Difference between @time in Julia 1.3.1 and Julia 1.4.0-rc2

Dear all,

While I was testing Julia 1.4.0-rc2 for my package I notice very different results of @time compared with Julia 1.3.0.
(I am sorry that I cannot provide an MWE for this.)

The code basically trying to run a “main” function like this one:

@time main(method="SCF")
@time main(method="Emin")
@time main(method="SCF")
@time main(method="Emin")

From my current understanding, the first @time should also measure compilation time and the rest should exclude the the compilation.

This is the result for Julia-1.3.1:

 22.605433 seconds (68.37 M allocations: 5.628 GiB, 7.37% gc time)
  0.813059 seconds (951.45 k allocations: 2.221 GiB, 7.86% gc time)
  0.997460 seconds (956.30 k allocations: 2.538 GiB, 6.51% gc time)
  0.830678 seconds (951.45 k allocations: 2.221 GiB, 7.38% gc time)

And this is the result for Julia-1.4.1 (the code didn’t change):

  2.768451 seconds (4.49 M allocations: 1.832 GiB, 4.28% gc time)
  0.637647 seconds (727.59 k allocations: 1.337 GiB, 4.56% gc time)
  0.813684 seconds (731.74 k allocations: 1.653 GiB, 3.57% gc time)
  0.635642 seconds (727.59 k allocations: 1.337 GiB, 3.85% gc time)

From this result, I can conclude that the timing improves for Julia 1.4.0-rc2 (Kudos for the developers :100:).
However, the timing for the first call is kinda surprising for me because it is very different from Julia 1.3.1 (too good to be true?). Actually by using time command in Linux I got not too different overall timing results:

v1.3.1:

real	0m26.518s
user	0m26.247s
sys	0m0.256s

v1.4.0-rc2:

real	0m26.563s
user	0m26.260s
sys	0m0.285s

My question is: are there any changes of @time between v1.3.1 and v1.4.0-rc2 ? Or are there any explanations for this result?

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I believe latency caused by compilation is something that the code development team has spent a lot of efforts on, and it seems to be paying off. When measuring from the terminal, you include the time to start Julia, which maybe has increased such that it evens out the timings? You could try measure the time of just starting Julia to see the difference.

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Are you saying that the startup time of Julia increased with 20 seconds to offset for the 20 second reduction in the time reported by @time? That seems unlikely.

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Those last timings look suspiciously identical. Could you try including a sleep(10) in one of them to verify that they actually run in 36 and 26 seconds respectively, instead of both running in 26 seconds?

Those last timings look suspiciously identical.

Yes, that it is actually close. My point is that the result reported by the first call to @time is not accurate (?) in Julia-1.4.0-rc2 as it is drastically very different from Julia-1.3.1. This can give false impression that precompilation in v1.4.0-rc2 is more than 10 times faster (although I am quite convinced that it is faster in v1.4.0-rc2, but not as fast as the result of @time suggest.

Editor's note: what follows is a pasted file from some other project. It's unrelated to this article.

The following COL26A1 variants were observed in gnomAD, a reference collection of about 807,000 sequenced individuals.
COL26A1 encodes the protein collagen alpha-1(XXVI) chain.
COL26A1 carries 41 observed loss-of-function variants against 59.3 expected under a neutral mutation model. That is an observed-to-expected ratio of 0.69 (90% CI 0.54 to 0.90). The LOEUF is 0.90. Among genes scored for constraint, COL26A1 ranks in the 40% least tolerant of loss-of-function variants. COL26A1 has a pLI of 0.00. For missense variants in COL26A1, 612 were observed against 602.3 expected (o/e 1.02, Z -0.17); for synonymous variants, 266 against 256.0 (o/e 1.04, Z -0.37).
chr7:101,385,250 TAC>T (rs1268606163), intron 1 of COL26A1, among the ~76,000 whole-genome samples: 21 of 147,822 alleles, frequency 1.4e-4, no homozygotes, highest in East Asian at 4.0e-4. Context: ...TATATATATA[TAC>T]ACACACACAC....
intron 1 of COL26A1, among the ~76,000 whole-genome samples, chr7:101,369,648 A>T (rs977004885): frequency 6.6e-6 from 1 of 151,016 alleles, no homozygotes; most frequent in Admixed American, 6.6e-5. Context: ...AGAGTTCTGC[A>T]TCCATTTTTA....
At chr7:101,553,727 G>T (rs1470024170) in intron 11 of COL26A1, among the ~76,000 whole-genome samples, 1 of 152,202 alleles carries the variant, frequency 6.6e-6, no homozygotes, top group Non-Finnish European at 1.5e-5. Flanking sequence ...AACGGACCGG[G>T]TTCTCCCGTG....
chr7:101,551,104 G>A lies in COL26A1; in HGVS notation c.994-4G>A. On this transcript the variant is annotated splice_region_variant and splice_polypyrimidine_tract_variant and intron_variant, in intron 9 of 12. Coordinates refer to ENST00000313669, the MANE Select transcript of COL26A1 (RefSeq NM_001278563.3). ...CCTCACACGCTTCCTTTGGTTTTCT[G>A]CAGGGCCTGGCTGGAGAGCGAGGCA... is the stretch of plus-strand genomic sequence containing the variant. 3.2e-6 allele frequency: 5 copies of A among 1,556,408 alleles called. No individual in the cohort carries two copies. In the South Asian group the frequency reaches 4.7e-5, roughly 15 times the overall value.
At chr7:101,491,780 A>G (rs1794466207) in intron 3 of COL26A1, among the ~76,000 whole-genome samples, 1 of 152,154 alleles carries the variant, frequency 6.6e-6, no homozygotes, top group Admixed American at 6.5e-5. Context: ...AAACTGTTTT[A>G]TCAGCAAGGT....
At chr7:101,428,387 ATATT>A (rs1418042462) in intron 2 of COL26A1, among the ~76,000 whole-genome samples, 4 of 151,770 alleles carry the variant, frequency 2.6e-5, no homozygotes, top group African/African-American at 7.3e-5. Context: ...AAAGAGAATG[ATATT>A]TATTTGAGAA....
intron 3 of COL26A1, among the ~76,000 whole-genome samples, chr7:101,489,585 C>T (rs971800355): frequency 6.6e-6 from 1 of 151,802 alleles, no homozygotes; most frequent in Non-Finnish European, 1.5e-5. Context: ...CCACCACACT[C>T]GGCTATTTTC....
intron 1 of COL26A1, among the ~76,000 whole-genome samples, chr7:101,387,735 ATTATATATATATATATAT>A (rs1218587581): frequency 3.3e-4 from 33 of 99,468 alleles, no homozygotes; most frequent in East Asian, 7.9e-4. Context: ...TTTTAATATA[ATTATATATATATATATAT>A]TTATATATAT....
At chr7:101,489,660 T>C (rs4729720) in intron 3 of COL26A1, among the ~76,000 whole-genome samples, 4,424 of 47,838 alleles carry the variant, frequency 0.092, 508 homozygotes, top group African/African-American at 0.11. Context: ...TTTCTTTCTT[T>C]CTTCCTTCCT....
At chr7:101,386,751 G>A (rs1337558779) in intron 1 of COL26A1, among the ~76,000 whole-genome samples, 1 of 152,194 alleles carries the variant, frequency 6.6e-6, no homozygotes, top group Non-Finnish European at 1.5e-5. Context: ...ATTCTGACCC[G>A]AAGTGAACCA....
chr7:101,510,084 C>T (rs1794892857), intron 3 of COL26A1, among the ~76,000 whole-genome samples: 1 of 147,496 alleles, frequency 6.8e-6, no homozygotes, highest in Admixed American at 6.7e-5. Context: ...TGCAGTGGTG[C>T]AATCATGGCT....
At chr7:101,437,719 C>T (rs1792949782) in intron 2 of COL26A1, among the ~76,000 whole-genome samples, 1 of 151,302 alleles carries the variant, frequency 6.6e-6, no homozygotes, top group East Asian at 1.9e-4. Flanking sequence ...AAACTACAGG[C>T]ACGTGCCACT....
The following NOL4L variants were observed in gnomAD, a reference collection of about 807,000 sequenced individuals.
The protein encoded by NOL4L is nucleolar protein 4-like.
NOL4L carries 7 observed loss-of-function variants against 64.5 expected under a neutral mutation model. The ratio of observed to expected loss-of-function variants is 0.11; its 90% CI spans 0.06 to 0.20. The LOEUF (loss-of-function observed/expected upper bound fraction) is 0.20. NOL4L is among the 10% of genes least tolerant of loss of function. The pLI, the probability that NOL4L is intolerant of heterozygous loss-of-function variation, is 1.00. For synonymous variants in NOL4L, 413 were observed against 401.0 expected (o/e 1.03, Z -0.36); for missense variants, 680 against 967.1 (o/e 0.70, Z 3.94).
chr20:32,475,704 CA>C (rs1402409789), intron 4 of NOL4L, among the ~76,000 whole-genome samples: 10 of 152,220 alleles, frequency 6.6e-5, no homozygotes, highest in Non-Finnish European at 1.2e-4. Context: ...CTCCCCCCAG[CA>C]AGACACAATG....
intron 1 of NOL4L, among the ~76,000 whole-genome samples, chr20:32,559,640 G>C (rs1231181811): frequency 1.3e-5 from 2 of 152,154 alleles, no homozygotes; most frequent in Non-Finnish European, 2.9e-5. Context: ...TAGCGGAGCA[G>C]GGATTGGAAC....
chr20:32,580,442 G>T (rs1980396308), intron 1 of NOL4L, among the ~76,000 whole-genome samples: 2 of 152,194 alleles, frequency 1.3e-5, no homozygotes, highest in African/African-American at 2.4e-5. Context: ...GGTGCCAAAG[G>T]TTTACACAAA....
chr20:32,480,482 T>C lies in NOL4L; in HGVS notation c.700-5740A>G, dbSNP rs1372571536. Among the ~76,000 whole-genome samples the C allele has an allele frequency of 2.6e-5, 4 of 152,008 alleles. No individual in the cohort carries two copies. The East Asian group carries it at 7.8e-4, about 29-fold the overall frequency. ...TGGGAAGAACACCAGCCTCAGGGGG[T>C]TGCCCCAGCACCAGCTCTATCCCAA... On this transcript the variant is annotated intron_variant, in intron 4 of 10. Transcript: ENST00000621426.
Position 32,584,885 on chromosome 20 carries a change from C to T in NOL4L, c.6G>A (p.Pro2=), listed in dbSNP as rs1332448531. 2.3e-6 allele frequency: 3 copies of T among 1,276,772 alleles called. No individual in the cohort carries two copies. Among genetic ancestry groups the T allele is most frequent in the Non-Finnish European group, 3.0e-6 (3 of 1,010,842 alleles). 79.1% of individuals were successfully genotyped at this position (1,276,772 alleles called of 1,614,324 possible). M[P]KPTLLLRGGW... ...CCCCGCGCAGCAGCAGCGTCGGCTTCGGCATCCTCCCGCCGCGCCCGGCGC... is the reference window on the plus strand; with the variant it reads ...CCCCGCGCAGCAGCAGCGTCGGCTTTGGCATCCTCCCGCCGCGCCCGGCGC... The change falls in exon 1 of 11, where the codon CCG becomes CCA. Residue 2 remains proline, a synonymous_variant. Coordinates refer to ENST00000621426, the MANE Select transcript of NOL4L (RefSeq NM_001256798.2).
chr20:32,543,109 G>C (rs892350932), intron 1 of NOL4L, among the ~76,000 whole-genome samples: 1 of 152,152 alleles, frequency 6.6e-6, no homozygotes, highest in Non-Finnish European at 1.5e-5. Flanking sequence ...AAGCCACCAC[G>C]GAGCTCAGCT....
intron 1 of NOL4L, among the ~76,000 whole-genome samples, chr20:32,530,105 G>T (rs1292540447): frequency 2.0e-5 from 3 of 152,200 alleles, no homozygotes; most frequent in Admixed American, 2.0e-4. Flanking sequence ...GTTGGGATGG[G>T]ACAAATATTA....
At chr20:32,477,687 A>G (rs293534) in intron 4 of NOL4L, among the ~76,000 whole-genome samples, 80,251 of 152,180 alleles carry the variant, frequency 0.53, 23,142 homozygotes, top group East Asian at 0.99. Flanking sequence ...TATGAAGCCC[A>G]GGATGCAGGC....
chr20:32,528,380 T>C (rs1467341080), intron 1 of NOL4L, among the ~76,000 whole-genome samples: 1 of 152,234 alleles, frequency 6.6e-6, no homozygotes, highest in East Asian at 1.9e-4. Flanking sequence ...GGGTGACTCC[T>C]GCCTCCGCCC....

By the way I came up with the following code:

function my_func(N::Int)
    x = zeros(N)
    for i in 1:N
        x[i] = rand() + sin(x[i]) + cos(rand())
    end
    C = my_func_02()
    return
end

function my_func_02(; A=rand(100,100), B=rand(100,200))
    return A*B
end

@time my_func(1_000_000)
@time my_func(1_000_000)

and it gives the following results:

# v 1.3.1
 time julia test_timing.jl 
  0.812998 seconds (3.26 M allocations: 163.071 MiB, 3.61% gc time)
  0.027455 seconds (12 allocations: 8.011 MiB)

real	0m0.979s
user	0m0.907s
sys	0m0.052s

# v 1.4.0-rc2
time julia-1.4.0-rc2 02_timing.jl 
  0.024799 seconds (29 allocations: 8.031 MiB)
  0.035043 seconds (8 allocations: 8.011 MiB, 32.60% gc time)

real	0m1.099s
user	0m1.012s
sys	0m0.068s

which also suggests that the result of first call to @time is too optimistic.

Looking at the implementation of the macro it seems that this line has been changed:

I suspect that could be the reason based on the comment next to it.

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Thank you @WschW, I think this is the answer. What is the consequence of this change? I do not understand this simple code :no_mouth:

It seems that it uses a heuristic method to make the compiler compile the block before the actual timing begins, such that the compilation times is not included in the measured time. Apparently, the presence of a while loop triggers the compiler?

It’s a nice idea, it probably reduces the number of posts complaining that someone’s initial tryout of julia was slower than python :stuck_out_tongue:

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Thank you for the simple explanation @baggepinnen.
I guess this change only affects the result of initial call to @time and for subsequent calls it still can be used for performance measurement (putting aside possible noises when the measurement is being done).

I guess the reason for the addition of the heuristic is that also the initial call to @time should be a fair estimate of the runtime without compilation. It’s still a good idea to measure a couple of times to reduce noise though…

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Using the “blame” feature of Github, you can find the relevant PR. This is a welcome side-effect, but I thin the target was something else.

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